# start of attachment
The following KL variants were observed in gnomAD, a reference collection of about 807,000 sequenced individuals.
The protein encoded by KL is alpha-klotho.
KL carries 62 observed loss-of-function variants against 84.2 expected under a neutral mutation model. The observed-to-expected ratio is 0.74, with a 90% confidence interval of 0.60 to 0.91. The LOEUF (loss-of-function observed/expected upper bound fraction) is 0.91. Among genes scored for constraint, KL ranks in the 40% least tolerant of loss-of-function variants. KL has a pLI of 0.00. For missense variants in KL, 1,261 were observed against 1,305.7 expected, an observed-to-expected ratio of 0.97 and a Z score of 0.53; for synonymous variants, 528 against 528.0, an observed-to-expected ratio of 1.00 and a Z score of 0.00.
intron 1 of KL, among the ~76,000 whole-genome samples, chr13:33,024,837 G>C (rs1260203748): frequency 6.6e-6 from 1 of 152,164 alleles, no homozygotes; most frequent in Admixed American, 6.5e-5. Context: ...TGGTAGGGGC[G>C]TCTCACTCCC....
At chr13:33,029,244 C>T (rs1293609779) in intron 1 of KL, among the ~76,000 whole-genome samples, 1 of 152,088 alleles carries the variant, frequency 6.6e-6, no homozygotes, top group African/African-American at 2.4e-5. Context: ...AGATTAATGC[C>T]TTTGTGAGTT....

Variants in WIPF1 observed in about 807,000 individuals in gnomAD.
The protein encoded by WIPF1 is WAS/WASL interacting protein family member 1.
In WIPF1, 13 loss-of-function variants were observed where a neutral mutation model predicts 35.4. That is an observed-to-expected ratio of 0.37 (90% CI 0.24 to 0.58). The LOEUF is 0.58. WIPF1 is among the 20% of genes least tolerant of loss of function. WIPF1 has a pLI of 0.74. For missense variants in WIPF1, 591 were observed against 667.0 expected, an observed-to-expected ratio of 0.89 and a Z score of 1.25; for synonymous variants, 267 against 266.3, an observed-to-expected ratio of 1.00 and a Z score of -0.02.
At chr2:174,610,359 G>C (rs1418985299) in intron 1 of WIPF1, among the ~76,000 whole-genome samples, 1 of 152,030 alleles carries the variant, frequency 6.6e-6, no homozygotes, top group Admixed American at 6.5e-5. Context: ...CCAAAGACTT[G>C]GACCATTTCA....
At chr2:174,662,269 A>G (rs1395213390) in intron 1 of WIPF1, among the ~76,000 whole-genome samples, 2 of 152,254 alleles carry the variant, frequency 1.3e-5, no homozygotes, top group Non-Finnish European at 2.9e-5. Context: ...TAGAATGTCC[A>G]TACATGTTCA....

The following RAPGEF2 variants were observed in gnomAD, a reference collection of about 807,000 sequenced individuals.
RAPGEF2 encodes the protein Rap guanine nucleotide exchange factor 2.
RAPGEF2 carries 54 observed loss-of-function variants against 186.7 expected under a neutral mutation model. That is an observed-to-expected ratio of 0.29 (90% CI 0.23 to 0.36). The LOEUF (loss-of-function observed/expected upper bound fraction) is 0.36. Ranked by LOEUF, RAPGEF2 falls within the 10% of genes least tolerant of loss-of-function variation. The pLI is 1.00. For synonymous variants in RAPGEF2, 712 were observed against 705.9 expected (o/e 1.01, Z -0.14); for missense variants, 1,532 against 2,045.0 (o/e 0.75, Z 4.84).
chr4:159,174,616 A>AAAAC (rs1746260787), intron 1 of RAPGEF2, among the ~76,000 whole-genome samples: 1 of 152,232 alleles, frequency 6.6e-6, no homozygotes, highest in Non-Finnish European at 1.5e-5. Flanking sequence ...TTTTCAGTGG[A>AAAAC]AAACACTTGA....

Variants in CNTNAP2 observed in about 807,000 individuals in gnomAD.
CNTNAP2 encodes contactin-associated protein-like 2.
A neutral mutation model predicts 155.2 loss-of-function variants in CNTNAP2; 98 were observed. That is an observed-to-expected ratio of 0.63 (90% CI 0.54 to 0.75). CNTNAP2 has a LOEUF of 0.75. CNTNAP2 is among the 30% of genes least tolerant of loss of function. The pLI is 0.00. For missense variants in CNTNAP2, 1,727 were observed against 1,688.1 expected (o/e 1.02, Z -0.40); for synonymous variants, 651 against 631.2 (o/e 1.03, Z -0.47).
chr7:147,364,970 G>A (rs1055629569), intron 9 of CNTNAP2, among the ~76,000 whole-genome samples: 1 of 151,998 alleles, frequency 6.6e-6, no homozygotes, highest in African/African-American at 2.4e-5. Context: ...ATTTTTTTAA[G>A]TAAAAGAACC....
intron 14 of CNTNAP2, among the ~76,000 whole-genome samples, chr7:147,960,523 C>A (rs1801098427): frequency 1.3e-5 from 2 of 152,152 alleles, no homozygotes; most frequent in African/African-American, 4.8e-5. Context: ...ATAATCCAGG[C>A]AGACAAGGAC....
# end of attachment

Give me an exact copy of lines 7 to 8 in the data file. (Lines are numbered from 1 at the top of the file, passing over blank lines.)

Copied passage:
The protein encoded by WIPF1 is WAS/WASL interacting protein family member 1.
In WIPF1, 13 loss-of-function variants were observed where a neutral mutation model predicts 35.4. That is an observed-to-expected ratio of 0.37 (90% CI 0.24 to 0.58). The LOEUF is 0.58. WIPF1 is among the 20% of genes least tolerant of loss of function. WIPF1 has a pLI of 0.74. For missense variants in WIPF1, 591 were observed against 667.0 expected, an observed-to-expected ratio of 0.89 and a Z score of 1.25; for synonymous variants, 267 against 266.3, an observed-to-expected ratio of 1.00 and a Z score of -0.02.